A close look at the history of separatist movements shows that the crux of the problem is not so much the gain of territorial control but the acknowledgement of hurt, anger, betrayal and the loss of prestige of a people. (Representational Image)
On the day President’s rule was imposed in Kashmir recently, I was visiting Belfast. I was taking the Black Taxi Tour. I was being driven by an ex-IRA (Irish Republic Army) soldier who was taking me on a visceral tour of perhaps of what used to be some of the most violent streets in the world. A whistle stop tour of Shankill Road, Falls Road and Sandy Row was instructive. The violence of a centuries-old conflict between Protestant and Catholic communities was over. But the scars of past events, like Bloody Sunday or the tragic hunger strike of Bobby Sands, were too deep and raw to be forgotten or filled. Which is fine for the people of Northern Ireland as long as peace rules the streets.
The moot question, therefore, is: If the Irish could achieve peace what bedevils Kashmir? The sceptic is entitled to ask — what’s the connection between the two conflict zones? The similarities between the conflict in Northern Ireland and Kashmir are surprising but real. We cannot turn our eyes away from the reality that a religious divide has emerged in Kashmir. The idealism of Kashmiriyat now sounds like a fable once told. On ground zero, Kashmiri Hindus have been forced to leave their homeland. The strands of a Wahabi-inspired Islamic counter-culture is making inroads in the Valley. In Thatcherite Britain, religious polarisation in Northern Ireland was also at its peak. The world would wake up every day to images of British army soldiers patrolling the inner streets of Belfast. Paramilitaries on both sides of the Protestant-Catholic divide would be in action, sniping, maiming, torturing and killing innocents.
Replace those images of the past with those of stone pelters attacking troops in the Valley, search-and-cordon operations, terrorists ambushing convoys and raiding security camps. Then take a look at the compulsions and behaviour of career politicians in both areas. For historical reasons, just about every politician in the Valley chooses from the shade card of autonomy to separatism. It was a similar deck with the Sinn Fein and other separatist organisations when they began negotiations with the British government about Northern Island’s future.
Yet, despite all the contradictions, peace has held in Northern Ireland for the last 25 years. Northern Ireland is still part of the UK. The Good Friday Agreement, which ushered in peace, by and large still holds.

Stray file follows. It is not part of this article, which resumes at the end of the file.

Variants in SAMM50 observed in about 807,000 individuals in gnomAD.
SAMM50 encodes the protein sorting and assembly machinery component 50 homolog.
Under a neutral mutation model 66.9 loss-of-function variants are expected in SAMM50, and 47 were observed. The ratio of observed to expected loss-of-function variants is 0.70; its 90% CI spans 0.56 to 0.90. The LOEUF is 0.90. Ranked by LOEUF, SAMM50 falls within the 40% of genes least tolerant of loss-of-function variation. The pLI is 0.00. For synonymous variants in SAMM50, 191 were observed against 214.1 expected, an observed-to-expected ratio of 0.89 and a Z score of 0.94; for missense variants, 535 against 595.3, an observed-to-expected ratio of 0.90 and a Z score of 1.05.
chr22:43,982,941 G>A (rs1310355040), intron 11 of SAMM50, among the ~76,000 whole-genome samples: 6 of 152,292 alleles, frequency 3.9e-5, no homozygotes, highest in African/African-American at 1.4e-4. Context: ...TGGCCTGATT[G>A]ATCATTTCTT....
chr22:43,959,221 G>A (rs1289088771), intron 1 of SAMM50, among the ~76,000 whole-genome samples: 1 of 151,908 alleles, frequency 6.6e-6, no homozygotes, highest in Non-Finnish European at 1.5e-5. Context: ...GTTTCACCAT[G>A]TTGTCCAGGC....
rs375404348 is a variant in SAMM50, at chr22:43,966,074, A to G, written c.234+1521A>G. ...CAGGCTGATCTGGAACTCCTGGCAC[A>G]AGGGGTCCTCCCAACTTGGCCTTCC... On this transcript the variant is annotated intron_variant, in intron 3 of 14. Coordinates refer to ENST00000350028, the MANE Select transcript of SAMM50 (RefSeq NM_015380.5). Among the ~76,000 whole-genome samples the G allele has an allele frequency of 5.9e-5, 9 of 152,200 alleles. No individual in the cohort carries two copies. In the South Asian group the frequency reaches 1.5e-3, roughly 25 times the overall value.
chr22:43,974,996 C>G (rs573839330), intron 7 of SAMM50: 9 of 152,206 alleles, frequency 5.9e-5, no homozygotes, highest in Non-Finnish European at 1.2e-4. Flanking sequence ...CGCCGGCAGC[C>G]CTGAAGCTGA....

The two mechanisms that restored peace in Northern Island, in my view, were the emergence of honest but wily brokers who understood the contradictions of the difficult process, yet, successfully guided the peace negotiations. This went hand in hand with the effective addressing of the grievances of the affected citizenry.
So, who could be our answer to President Bill Clinton and British Prime Minister Tony Blair — the two men who brokered the Good Friday Peace agreement. The answer is blowing in the wind. It can’t be an international negotiator because that would be unacceptable to any government at the Centre. It would have to be a personality respected by all sides — which means the Hurriyat’s would have to be persuaded to come into the fold. This might sound like a contradiction, knowing the Hurriyat separatist agenda, but we must remember that organisations like Sinn Fein had similar agendas. In their case, the promise of “peace with honour” whittled their hardened stance and persuaded them to stay within the Union in return for equal representation.
Therein lies the key to the problem: “Peace with honour”. There are too many vested political and subversive interests at play in Kashmir for such a lofty aspiration to work on the ground. But, then this is the job of the honest yet wily broker/negotiator.
A close look at the history of separatist movements shows that the crux of the problem is not so much the gain of territorial control but the acknowledgement of hurt, anger, betrayal and the loss of prestige of a people. It does not take a wild imagination to understand that Kashmiris, be it Muslims or Hindus, have been emotionally brutalised. The negotiator has not only to work out the deal but offer a salve to close these open wounds.
The joker in the pack is, of course, Pakistan and the insidious role it can play in the process. The Hurriyat might insist on Pakistan’s involvement in these negotiations but I suspect that the Hurriyat’s hard-line stance is in response to governments in Delhi, which treat it with utter contempt. There is no reason why the Hurriyat and other quasi-separatist forces cannot see reason and discard its Pakistan card if they sense that real change is around the corner.
In Belfast, “Black taxis” conduct tours and keep the legend of the likes of Bobby Sands alive. The inside streets flutter with loyalist and united Ireland flags. But the guns have disappeared. The anger and hurt of the people is channelled in a kind of touristy remembrance of the “troubles”. Kashmir is also welcome to its own version of the Black taxi tour. That can happen after the guns fall silent.